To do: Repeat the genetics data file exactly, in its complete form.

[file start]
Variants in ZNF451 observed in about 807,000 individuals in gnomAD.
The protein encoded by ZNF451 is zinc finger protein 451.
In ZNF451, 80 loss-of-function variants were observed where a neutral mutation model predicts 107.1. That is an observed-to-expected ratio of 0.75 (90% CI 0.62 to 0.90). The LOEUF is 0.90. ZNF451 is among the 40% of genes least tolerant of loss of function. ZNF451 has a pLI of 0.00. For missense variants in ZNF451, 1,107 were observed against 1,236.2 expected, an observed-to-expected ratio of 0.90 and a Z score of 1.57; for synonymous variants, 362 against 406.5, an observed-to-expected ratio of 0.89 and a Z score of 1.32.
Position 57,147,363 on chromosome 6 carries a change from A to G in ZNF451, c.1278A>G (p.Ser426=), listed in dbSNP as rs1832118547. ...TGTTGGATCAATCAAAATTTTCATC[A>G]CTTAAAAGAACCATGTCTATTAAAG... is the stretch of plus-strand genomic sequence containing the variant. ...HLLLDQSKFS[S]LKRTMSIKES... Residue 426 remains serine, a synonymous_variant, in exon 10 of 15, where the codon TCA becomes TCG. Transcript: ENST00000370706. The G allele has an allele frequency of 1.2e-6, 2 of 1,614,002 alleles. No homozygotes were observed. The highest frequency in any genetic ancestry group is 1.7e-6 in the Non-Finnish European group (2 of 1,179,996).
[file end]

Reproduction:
Variants in ZNF451 observed in about 807,000 individuals in gnomAD.
The protein encoded by ZNF451 is zinc finger protein 451.
In ZNF451, 80 loss-of-function variants were observed where a neutral mutation model predicts 107.1. That is an observed-to-expected ratio of 0.75 (90% CI 0.62 to 0.90). The LOEUF is 0.90. ZNF451 is among the 40% of genes least tolerant of loss of function. ZNF451 has a pLI of 0.00. For missense variants in ZNF451, 1,107 were observed against 1,236.2 expected, an observed-to-expected ratio of 0.90 and a Z score of 1.57; for synonymous variants, 362 against 406.5, an observed-to-expected ratio of 0.89 and a Z score of 1.32.
Position 57,147,363 on chromosome 6 carries a change from A to G in ZNF451, c.1278A>G (p.Ser426=), listed in dbSNP as rs1832118547. ...TGTTGGATCAATCAAAATTTTCATC[A>G]CTTAAAAGAACCATGTCTATTAAAG... is the stretch of plus-strand genomic sequence containing the variant. ...HLLLDQSKFS[S]LKRTMSIKES... Residue 426 remains serine, a synonymous_variant, in exon 10 of 15, where the codon TCA becomes TCG. Transcript: ENST00000370706. The G allele has an allele frequency of 1.2e-6, 2 of 1,614,002 alleles. No homozygotes were observed. The highest frequency in any genetic ancestry group is 1.7e-6 in the Non-Finnish European group (2 of 1,179,996).